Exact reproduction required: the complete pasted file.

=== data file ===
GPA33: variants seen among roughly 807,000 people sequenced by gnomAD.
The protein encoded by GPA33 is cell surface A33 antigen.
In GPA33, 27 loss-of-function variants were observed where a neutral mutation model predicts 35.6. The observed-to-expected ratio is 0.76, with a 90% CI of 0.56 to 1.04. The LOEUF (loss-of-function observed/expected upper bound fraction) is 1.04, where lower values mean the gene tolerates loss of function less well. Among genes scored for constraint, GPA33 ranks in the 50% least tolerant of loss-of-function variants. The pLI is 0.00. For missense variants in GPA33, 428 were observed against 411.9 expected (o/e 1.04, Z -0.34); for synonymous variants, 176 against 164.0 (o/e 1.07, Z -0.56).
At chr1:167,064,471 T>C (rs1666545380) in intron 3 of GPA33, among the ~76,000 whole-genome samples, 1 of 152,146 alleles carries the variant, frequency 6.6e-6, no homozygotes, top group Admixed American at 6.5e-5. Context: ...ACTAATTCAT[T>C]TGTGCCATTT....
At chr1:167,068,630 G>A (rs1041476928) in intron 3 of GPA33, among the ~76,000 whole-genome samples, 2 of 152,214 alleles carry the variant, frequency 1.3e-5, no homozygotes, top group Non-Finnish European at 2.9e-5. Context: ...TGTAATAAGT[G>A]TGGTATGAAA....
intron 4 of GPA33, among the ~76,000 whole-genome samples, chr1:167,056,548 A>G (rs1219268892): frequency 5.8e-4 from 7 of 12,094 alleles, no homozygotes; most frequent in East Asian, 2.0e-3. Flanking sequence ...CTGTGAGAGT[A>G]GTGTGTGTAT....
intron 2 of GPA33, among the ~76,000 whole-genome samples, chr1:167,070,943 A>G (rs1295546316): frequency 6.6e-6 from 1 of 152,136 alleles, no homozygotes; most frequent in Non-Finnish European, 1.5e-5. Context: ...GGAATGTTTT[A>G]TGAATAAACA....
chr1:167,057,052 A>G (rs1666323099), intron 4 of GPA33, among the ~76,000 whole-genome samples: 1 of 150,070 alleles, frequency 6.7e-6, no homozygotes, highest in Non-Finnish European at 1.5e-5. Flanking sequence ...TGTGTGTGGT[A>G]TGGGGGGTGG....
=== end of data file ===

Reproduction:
GPA33: variants seen among roughly 807,000 people sequenced by gnomAD.
The protein encoded by GPA33 is cell surface A33 antigen.
In GPA33, 27 loss-of-function variants were observed where a neutral mutation model predicts 35.6. The observed-to-expected ratio is 0.76, with a 90% CI of 0.56 to 1.04. The LOEUF (loss-of-function observed/expected upper bound fraction) is 1.04, where lower values mean the gene tolerates loss of function less well. Among genes scored for constraint, GPA33 ranks in the 50% least tolerant of loss-of-function variants. The pLI is 0.00. For missense variants in GPA33, 428 were observed against 411.9 expected (o/e 1.04, Z -0.34); for synonymous variants, 176 against 164.0 (o/e 1.07, Z -0.56).
At chr1:167,064,471 T>C (rs1666545380) in intron 3 of GPA33, among the ~76,000 whole-genome samples, 1 of 152,146 alleles carries the variant, frequency 6.6e-6, no homozygotes, top group Admixed American at 6.5e-5. Context: ...ACTAATTCAT[T>C]TGTGCCATTT....
At chr1:167,068,630 G>A (rs1041476928) in intron 3 of GPA33, among the ~76,000 whole-genome samples, 2 of 152,214 alleles carry the variant, frequency 1.3e-5, no homozygotes, top group Non-Finnish European at 2.9e-5. Context: ...TGTAATAAGT[G>A]TGGTATGAAA....
intron 4 of GPA33, among the ~76,000 whole-genome samples, chr1:167,056,548 A>G (rs1219268892): frequency 5.8e-4 from 7 of 12,094 alleles, no homozygotes; most frequent in East Asian, 2.0e-3. Flanking sequence ...CTGTGAGAGT[A>G]GTGTGTGTAT....
intron 2 of GPA33, among the ~76,000 whole-genome samples, chr1:167,070,943 A>G (rs1295546316): frequency 6.6e-6 from 1 of 152,136 alleles, no homozygotes; most frequent in Non-Finnish European, 1.5e-5. Context: ...GGAATGTTTT[A>G]TGAATAAACA....
chr1:167,057,052 A>G (rs1666323099), intron 4 of GPA33, among the ~76,000 whole-genome samples: 1 of 150,070 alleles, frequency 6.7e-6, no homozygotes, highest in Non-Finnish European at 1.5e-5. Flanking sequence ...TGTGTGTGGT[A>G]TGGGGGGTGG....